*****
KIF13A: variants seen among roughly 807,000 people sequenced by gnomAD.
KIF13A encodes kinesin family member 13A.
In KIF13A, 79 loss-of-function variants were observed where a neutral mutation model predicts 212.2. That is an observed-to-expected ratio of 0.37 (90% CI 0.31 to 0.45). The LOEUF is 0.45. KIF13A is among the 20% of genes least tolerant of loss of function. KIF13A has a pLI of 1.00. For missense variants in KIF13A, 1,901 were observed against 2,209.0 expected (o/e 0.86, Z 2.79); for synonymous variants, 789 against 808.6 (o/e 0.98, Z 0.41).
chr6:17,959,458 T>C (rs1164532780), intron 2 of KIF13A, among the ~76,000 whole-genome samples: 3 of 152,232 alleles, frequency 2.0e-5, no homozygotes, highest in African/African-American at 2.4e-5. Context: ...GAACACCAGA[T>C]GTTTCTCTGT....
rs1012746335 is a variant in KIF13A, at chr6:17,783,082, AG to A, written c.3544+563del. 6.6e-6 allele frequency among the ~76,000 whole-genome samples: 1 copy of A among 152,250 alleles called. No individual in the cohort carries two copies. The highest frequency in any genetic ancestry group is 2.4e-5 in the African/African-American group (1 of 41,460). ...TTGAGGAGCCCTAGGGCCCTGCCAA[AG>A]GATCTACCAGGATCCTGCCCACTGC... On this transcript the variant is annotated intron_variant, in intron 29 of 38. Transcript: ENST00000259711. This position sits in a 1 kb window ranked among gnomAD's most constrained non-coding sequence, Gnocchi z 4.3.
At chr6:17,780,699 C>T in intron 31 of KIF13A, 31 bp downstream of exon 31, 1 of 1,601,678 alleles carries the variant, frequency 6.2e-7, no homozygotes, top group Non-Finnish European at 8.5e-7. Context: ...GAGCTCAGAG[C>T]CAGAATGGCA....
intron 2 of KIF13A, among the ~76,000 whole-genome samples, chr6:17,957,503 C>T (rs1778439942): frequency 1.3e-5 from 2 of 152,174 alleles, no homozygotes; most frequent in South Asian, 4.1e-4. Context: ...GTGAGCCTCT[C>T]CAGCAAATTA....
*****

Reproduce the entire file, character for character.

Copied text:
KIF13A: variants seen among roughly 807,000 people sequenced by gnomAD.
KIF13A encodes kinesin family member 13A.
In KIF13A, 79 loss-of-function variants were observed where a neutral mutation model predicts 212.2. That is an observed-to-expected ratio of 0.37 (90% CI 0.31 to 0.45). The LOEUF is 0.45. KIF13A is among the 20% of genes least tolerant of loss of function. KIF13A has a pLI of 1.00. For missense variants in KIF13A, 1,901 were observed against 2,209.0 expected (o/e 0.86, Z 2.79); for synonymous variants, 789 against 808.6 (o/e 0.98, Z 0.41).
chr6:17,959,458 T>C (rs1164532780), intron 2 of KIF13A, among the ~76,000 whole-genome samples: 3 of 152,232 alleles, frequency 2.0e-5, no homozygotes, highest in African/African-American at 2.4e-5. Context: ...GAACACCAGA[T>C]GTTTCTCTGT....
rs1012746335 is a variant in KIF13A, at chr6:17,783,082, AG to A, written c.3544+563del. 6.6e-6 allele frequency among the ~76,000 whole-genome samples: 1 copy of A among 152,250 alleles called. No individual in the cohort carries two copies. The highest frequency in any genetic ancestry group is 2.4e-5 in the African/African-American group (1 of 41,460). ...TTGAGGAGCCCTAGGGCCCTGCCAA[AG>A]GATCTACCAGGATCCTGCCCACTGC... On this transcript the variant is annotated intron_variant, in intron 29 of 38. Transcript: ENST00000259711. This position sits in a 1 kb window ranked among gnomAD's most constrained non-coding sequence, Gnocchi z 4.3.
At chr6:17,780,699 C>T in intron 31 of KIF13A, 31 bp downstream of exon 31, 1 of 1,601,678 alleles carries the variant, frequency 6.2e-7, no homozygotes, top group Non-Finnish European at 8.5e-7. Context: ...GAGCTCAGAG[C>T]CAGAATGGCA....
intron 2 of KIF13A, among the ~76,000 whole-genome samples, chr6:17,957,503 C>T (rs1778439942): frequency 1.3e-5 from 2 of 152,174 alleles, no homozygotes; most frequent in South Asian, 4.1e-4. Context: ...GTGAGCCTCT[C>T]CAGCAAATTA....